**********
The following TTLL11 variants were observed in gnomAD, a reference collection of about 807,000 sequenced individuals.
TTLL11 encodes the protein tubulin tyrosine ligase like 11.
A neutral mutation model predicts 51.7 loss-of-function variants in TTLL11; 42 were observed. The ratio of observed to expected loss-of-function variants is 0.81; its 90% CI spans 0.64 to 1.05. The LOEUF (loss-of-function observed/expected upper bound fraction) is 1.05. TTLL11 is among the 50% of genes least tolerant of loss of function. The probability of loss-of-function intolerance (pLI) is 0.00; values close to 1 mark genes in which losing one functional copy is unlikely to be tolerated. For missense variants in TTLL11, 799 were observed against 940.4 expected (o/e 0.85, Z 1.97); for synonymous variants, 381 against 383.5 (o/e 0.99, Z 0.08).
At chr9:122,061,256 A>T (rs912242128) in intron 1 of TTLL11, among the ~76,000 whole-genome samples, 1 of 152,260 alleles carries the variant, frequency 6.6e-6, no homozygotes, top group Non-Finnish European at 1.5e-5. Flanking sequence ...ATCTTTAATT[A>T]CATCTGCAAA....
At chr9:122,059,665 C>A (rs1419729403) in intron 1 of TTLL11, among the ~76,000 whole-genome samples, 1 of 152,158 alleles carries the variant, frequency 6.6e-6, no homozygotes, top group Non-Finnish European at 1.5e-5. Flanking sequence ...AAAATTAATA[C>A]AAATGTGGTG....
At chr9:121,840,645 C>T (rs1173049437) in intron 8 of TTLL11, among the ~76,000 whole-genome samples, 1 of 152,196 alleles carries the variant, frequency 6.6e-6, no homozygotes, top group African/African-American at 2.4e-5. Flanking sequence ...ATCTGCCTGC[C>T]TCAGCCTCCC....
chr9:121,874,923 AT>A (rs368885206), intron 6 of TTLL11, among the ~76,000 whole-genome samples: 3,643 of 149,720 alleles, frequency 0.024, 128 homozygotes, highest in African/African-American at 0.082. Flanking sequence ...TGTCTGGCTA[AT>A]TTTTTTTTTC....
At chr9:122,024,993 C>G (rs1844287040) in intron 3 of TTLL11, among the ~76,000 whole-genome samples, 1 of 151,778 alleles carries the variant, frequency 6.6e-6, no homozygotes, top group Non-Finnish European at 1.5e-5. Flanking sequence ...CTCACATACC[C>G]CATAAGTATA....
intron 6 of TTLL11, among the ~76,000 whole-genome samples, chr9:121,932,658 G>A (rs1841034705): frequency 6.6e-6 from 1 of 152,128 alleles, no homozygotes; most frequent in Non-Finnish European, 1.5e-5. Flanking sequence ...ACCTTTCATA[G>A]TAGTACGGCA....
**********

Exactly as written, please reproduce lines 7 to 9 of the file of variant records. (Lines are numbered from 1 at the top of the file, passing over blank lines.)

chr9:121,874,923 AT>A (rs368885206), intron 6 of TTLL11, among the ~76,000 whole-genome samples: 3,643 of 149,720 alleles, frequency 0.024, 128 homozygotes, highest in African/African-American at 0.082. Flanking sequence ...TGTCTGGCTA[AT>A]TTTTTTTTTC....
At chr9:122,024,993 C>G (rs1844287040) in intron 3 of TTLL11, among the ~76,000 whole-genome samples, 1 of 151,778 alleles carries the variant, frequency 6.6e-6, no homozygotes, top group Non-Finnish European at 1.5e-5. Flanking sequence ...CTCACATACC[C>G]CATAAGTATA....
intron 6 of TTLL11, among the ~76,000 whole-genome samples, chr9:121,932,658 G>A (rs1841034705): frequency 6.6e-6 from 1 of 152,128 alleles, no homozygotes; most frequent in Non-Finnish European, 1.5e-5. Flanking sequence ...ACCTTTCATA[G>A]TAGTACGGCA....